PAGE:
Mummification may have been much more widely practised in Bronze Age Britain than was previously thought, new research suggests.
Direct evidence for deliberately preserved bodies was thought to be rare in this country, as although a small number of ‘bog bodies’, preserved in peat, have been excavated in Britain and Ireland, our cool, wet climate means that soft tissue rarely survives on prehistoric human remains.
The discovery of the Cladh Hallan burials – composite constructions of body parts from multiple people (CA 273) on South Uist – provided the first clues that skeletons might represent former mummies who had lost their preserved flesh, however. As the composites’ parts varied dramatically in date, it appeared that the earliest pieces must have been curated. Furthermore, microscopic analysis of the bones’ internal structure revealed something else unusual: they showed little sign of the bacterial tunnelling, or ‘bioerosion’, that occurs when a body is buried immediately after death and begins to decompose.
Dr Tom Booth of the Natural History Museum has built on this study, working with colleagues from the University of Sheffield, UCL, and the University of Manchester to compare the Cladh Hallan remains to a desiccated mummy from Yemen, and a bog body from Co. Roscommon. These too showed limited bioerosion, suggesting a link with bodies where the flesh had originally been preserved.
To expand this picture, the team next examined bone samples taken from 301 individuals from sites across Britain. These ranged widely in date, from the Neolithic to the Victorian period, but while most showed levels of bioerosion consistent with immediate burial, the Bronze Age bones stood out. Almost half – 16 out of 34 – had excellent internal preservation, hinting at mummification.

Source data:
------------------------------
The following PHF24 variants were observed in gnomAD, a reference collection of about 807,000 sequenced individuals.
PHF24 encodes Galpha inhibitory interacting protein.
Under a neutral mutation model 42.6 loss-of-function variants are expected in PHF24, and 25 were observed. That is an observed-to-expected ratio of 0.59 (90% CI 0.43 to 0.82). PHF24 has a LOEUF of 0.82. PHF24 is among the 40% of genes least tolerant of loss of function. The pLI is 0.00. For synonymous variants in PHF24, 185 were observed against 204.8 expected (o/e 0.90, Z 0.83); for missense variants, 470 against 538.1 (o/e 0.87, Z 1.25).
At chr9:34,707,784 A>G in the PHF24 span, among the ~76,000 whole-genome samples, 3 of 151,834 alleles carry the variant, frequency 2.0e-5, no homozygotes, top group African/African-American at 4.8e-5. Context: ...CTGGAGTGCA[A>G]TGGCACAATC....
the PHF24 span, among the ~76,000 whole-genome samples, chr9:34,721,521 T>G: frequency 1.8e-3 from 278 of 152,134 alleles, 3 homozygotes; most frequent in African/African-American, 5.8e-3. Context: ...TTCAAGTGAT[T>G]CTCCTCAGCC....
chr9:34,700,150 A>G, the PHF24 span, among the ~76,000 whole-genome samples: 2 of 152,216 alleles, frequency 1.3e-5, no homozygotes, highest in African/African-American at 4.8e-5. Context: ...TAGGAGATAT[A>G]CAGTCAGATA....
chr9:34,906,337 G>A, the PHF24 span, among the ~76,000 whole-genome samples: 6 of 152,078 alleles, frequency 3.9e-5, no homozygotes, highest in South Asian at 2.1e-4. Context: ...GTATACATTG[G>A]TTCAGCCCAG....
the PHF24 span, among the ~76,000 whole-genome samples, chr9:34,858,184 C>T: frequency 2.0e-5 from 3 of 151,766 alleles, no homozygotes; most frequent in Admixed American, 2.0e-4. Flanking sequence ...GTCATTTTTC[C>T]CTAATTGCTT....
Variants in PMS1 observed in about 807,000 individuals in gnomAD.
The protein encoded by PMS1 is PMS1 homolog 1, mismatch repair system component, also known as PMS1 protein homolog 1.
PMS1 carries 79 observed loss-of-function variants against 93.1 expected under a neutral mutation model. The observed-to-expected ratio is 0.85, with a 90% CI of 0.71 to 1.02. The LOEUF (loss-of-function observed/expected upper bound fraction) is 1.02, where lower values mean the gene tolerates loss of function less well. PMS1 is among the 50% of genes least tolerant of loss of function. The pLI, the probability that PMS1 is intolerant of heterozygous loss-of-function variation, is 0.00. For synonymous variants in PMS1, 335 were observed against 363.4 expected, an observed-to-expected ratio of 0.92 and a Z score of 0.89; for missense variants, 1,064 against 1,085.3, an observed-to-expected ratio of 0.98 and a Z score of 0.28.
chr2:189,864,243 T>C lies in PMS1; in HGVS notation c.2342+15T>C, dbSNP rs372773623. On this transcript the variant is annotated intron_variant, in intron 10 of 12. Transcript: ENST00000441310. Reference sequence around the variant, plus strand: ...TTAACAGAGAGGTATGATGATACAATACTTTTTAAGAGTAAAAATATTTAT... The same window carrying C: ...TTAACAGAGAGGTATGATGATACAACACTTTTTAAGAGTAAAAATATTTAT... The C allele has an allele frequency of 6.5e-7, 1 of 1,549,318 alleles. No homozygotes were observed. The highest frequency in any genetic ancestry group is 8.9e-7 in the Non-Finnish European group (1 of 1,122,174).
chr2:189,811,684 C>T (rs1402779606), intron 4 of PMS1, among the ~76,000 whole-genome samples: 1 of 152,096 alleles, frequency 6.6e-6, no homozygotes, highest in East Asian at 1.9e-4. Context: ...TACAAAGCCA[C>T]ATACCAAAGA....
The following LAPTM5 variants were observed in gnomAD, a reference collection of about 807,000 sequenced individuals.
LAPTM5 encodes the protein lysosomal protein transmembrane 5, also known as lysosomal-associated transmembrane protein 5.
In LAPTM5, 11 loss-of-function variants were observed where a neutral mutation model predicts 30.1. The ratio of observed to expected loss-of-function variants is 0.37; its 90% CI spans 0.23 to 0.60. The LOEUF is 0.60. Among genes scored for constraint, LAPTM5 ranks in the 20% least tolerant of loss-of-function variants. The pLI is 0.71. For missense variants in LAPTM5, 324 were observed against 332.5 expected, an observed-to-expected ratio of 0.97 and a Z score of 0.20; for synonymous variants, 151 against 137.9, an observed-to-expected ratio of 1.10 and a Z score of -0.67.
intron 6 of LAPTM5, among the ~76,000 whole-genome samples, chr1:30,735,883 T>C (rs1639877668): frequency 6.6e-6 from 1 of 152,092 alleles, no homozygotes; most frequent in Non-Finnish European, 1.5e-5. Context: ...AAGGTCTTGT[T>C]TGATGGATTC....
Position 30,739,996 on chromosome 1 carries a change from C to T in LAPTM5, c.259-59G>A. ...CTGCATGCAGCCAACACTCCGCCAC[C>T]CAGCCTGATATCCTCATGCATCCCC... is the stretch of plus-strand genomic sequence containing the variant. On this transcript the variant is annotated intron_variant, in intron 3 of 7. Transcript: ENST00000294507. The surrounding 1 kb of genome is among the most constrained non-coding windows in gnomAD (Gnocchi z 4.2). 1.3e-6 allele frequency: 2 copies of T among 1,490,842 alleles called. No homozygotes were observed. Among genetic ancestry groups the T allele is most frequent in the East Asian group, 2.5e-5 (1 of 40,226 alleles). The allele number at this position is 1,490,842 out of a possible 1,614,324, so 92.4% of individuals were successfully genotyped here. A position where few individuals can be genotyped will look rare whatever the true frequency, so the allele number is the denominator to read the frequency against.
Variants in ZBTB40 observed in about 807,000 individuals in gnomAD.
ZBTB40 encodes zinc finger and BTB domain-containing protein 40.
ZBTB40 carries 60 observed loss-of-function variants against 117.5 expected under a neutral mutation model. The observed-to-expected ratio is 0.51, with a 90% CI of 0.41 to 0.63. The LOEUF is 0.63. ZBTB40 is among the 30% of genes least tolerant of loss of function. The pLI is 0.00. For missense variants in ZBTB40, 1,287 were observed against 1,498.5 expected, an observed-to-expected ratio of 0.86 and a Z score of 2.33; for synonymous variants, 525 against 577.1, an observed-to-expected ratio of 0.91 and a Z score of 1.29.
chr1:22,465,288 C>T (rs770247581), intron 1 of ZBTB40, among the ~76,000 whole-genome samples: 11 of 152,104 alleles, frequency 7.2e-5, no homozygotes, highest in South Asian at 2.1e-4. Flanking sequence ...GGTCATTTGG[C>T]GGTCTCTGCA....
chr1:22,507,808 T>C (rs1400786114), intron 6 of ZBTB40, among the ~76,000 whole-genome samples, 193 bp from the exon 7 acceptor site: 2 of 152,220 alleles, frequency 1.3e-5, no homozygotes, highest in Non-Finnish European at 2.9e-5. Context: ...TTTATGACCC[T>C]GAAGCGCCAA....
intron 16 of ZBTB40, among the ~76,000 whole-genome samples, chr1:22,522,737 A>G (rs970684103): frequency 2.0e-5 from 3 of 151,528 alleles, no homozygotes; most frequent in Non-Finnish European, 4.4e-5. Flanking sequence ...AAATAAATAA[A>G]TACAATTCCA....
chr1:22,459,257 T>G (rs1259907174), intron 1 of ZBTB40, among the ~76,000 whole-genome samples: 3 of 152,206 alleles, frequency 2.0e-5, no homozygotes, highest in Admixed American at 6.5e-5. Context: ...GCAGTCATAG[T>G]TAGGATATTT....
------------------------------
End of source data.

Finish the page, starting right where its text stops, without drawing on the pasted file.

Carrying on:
These remains come from sites scattered from the Scottish Highlands to Dorset, and range in date from c.2200-750 BC, indicating that such practices were widespread and long-lived, Tom suggests. As only two of the affected skeletons came from naturally waterlogged contexts, moreover, it seems likely that a range of preservation techniques were used. Samples from Neats Court in Kent show traces of discoloration that might indicate being smoked or dehydrated over a fire, while others may have been temporarily submerged in boggy environments, or had their organs removed to prevent decomposition.
‘This suggests that mummification was more common in Britain than it might immediately appear – which, given what we know that Bronze Age people were keeping and circulating parts of the dead in other ways, is not surprising,’ Tom said. ‘We hope that further research will shed more light on whether this also took place in the Iron Age and Neolithic period, and in prehistoric Continental Europe.’
The research was originally published in Antiquity journal (http://antiquity.ac.uk/current).